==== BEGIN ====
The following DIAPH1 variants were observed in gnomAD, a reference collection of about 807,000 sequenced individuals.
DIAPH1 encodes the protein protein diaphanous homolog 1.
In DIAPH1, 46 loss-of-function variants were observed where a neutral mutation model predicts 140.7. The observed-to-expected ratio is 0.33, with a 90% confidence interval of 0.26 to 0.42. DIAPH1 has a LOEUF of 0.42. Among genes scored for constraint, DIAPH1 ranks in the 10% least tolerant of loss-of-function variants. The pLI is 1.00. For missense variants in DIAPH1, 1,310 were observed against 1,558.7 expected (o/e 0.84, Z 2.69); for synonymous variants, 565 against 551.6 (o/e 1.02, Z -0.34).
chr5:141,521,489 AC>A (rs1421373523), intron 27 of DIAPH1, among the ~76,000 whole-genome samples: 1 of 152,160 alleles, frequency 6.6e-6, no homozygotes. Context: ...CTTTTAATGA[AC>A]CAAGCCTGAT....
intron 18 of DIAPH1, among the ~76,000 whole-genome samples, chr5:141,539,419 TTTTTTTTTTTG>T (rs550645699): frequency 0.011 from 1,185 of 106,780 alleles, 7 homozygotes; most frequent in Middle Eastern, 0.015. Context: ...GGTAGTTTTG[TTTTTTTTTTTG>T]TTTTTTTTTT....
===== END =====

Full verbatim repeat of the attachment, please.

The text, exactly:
The following DIAPH1 variants were observed in gnomAD, a reference collection of about 807,000 sequenced individuals.
DIAPH1 encodes the protein protein diaphanous homolog 1.
In DIAPH1, 46 loss-of-function variants were observed where a neutral mutation model predicts 140.7. The observed-to-expected ratio is 0.33, with a 90% confidence interval of 0.26 to 0.42. DIAPH1 has a LOEUF of 0.42. Among genes scored for constraint, DIAPH1 ranks in the 10% least tolerant of loss-of-function variants. The pLI is 1.00. For missense variants in DIAPH1, 1,310 were observed against 1,558.7 expected (o/e 0.84, Z 2.69); for synonymous variants, 565 against 551.6 (o/e 1.02, Z -0.34).
chr5:141,521,489 AC>A (rs1421373523), intron 27 of DIAPH1, among the ~76,000 whole-genome samples: 1 of 152,160 alleles, frequency 6.6e-6, no homozygotes. Context: ...CTTTTAATGA[AC>A]CAAGCCTGAT....
intron 18 of DIAPH1, among the ~76,000 whole-genome samples, chr5:141,539,419 TTTTTTTTTTTG>T (rs550645699): frequency 0.011 from 1,185 of 106,780 alleles, 7 homozygotes; most frequent in Middle Eastern, 0.015. Context: ...GGTAGTTTTG[TTTTTTTTTTTG>T]TTTTTTTTTT....